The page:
We noted that London palladium lease rates started to surge in late 2016 giving early visibility of a physical palladium supply shortage in the London precious metals market.
The Achille's Heel of the world's predominant price setting center for precious metals (gold, silver, platinum, and palladium) in London is the London Bullion Market Association's (LBMA) design by the Bank of England to substitute trading and holding metal itself - the historically reliable price discovery method - with unallocated (unbacked) precious metals spot contracts. Unallocated spot contracts (for immediate ownership of metal) are effective in suppressing metal prices if investment funds and banks can be convinced that the contract claims, that can be created without limit, are a substitute for metal itself. The LBMA currently trades ownership of more than 200M oz of gold each day (more than 2x global annual mine production) in the form of unallocated spot metal contracts with an estimated 400M to 600M oz of unallocated claims for gold standing in the London market.
This unbalanced market of paper claims vs the reality of actual available metal can continue while investors are happy to hold certificates of metal ownership. The problem arises when certificates of metal are not adequate substitutes for metal.
This situation appears to have arisen in the 8.5 million oz per annum global palladium market, the smallest market of the four precious metals. Palladium plays an essential role in the automotive industry providing the key metal in gasoline engine catalytic converters used for exhaust emissions reduction. Unallocated palladium spot contracts cannot be used in these converters as a metal substitute.
The reduction in South African mine output due to global palladium and platinum prices in London being set below mining costs as well as a reduction in Russian exports of palladium in 2015 (reducing its annual mine export supply to 1.0 million oz from 2.5 million oz) has resulted in visible draw-down in global stockpiles to 1.5 million oz from ~ 3.5 million oz in 2014. The counter-intuitive reduction in palladium investment stockpiles in a rising price environment since 2015 imply that these investment stockpiles may have been utilized to meet physical supply while global mine output languished.
Palladium Lease Rate Spikes - A Metal Shortage Alert:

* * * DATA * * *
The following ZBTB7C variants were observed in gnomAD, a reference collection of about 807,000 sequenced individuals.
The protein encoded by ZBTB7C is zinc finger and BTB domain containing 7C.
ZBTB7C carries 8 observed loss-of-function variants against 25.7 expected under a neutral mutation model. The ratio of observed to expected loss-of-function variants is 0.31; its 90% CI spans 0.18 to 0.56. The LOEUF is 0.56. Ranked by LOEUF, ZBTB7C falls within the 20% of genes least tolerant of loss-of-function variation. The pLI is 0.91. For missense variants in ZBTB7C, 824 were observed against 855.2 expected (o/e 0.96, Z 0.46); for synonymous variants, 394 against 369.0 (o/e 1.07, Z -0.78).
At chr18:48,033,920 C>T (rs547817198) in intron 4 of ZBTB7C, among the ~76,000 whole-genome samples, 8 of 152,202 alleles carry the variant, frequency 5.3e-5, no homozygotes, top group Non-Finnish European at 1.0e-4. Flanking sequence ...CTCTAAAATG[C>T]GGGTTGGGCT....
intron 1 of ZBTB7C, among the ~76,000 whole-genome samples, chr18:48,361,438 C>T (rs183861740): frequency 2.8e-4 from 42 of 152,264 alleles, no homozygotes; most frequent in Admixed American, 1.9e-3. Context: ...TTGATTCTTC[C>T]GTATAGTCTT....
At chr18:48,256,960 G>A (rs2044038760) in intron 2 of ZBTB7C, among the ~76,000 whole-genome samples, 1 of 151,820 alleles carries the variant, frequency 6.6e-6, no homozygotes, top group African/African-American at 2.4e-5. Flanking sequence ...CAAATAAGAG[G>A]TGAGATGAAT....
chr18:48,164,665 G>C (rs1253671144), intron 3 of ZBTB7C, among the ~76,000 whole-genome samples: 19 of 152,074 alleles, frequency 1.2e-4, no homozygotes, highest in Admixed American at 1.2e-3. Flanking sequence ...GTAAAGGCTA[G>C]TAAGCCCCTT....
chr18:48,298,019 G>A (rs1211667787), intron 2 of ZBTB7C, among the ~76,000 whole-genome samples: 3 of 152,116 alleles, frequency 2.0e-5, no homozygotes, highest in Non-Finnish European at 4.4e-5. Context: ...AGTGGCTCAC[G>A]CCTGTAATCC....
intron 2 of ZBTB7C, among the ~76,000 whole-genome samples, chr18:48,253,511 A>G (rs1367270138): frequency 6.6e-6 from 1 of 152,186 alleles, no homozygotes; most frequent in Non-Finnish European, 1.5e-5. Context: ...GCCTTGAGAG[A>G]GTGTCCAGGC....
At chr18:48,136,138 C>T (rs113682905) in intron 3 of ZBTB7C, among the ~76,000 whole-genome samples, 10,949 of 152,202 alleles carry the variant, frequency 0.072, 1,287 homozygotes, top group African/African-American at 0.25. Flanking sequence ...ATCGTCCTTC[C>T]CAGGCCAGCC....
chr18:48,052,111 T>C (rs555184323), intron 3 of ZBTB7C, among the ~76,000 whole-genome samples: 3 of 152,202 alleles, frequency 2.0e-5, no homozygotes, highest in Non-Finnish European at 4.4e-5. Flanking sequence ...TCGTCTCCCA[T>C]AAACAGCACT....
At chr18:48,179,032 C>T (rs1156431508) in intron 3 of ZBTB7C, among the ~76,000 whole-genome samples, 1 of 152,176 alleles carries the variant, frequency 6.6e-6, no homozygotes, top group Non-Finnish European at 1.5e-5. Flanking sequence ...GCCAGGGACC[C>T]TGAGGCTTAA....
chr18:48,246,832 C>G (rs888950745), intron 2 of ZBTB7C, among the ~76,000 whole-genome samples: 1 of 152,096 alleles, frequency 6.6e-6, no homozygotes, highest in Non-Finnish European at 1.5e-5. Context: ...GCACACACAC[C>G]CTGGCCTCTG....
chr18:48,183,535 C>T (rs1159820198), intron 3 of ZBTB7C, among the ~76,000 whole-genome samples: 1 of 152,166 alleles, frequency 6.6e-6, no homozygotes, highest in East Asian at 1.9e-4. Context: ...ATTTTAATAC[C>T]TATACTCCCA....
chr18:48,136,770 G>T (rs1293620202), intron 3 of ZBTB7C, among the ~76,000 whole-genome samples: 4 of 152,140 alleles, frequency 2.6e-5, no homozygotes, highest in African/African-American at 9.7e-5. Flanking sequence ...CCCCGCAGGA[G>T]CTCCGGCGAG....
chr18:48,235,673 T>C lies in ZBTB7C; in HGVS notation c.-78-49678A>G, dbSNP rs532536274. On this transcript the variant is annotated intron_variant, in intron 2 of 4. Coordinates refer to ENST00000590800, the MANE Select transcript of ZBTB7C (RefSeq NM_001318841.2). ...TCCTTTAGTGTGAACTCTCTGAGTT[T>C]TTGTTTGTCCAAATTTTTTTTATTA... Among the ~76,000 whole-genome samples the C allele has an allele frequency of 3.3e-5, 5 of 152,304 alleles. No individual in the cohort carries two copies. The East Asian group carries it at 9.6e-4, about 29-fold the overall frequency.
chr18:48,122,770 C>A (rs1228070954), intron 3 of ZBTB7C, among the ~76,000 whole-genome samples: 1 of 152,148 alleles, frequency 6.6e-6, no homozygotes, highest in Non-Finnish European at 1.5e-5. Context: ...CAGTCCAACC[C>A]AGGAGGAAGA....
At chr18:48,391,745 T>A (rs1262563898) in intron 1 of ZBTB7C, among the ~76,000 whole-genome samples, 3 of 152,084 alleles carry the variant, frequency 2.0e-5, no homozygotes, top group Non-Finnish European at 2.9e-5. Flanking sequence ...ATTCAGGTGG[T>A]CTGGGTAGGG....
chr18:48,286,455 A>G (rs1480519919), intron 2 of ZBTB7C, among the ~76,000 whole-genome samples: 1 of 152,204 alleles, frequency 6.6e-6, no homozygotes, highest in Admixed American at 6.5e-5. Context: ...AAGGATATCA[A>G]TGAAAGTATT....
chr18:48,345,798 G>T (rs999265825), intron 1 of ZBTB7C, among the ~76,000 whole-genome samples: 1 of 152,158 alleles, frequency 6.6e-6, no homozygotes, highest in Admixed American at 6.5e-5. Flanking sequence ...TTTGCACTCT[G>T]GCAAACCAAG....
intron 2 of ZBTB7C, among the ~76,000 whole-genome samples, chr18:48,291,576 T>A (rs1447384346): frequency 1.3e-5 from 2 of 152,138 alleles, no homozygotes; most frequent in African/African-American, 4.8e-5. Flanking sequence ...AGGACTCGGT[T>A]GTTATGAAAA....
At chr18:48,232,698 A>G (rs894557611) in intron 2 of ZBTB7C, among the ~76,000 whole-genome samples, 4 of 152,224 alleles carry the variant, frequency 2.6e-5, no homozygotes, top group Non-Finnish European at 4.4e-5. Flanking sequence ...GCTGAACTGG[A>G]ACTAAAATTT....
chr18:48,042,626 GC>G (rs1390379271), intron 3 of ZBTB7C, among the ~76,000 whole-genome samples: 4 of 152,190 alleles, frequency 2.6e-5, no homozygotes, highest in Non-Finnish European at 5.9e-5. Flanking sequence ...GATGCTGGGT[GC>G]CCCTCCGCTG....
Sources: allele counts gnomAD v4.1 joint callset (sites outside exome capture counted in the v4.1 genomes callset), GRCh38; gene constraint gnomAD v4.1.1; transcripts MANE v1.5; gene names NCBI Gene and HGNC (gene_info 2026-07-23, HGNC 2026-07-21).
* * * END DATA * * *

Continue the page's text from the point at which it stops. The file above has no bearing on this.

During this past week of June 5 to June 9, 2017, we've seen a notable palladium lease rate shock in London. The lease rate is the per annum cost to borrow metal for various maturity periods (1-month, 3-month, etc.) and it increased last week from 3.5% to approximately 16% in London. Also of interest is that the normally reliable Commerzbank stopped publishing its London precious metals lease data on June 5, 2017. While additional palladium may temporarily be borrowed to reduce the London lease rate, market shortage for this metal is clearly now at play.
Palladium Lease Rates from 2006 to 2017:
Russia saved the London market in the late 1990s with its stockpiles that were at that time vast during a similar London palladium shortage. Those stockpiles have now been consumed in the past 20 years and the long term price chart of palladium appears to indicate that we are heading into a new price regime for this metal. The visibility that palladium gives to the suppression of global precious metals prices in the London market from its issuing and trading unallocated paper contracts may well result in a cascade of higher precious metals prices with platinum, silver, and then gold breaking to higher prices as well as investors and industrial users alike come to realize that London unallocated paper contracts are not metal. Of concern to all should be the impact on interest rates identified by future Treasury Secretary Larry Summers in his 1985 paper with Barsky. At that time, Summers and Barsky identified a rising price of gold as a dominant barrier to low interest rates. Two years later in 1987, the Bank of England formed the LBMA and the global debt bubble was launched in earnest. http://www.safehaven.com/article/42600/transition-of-price-discovery-in-the-global-gold-and-silver-market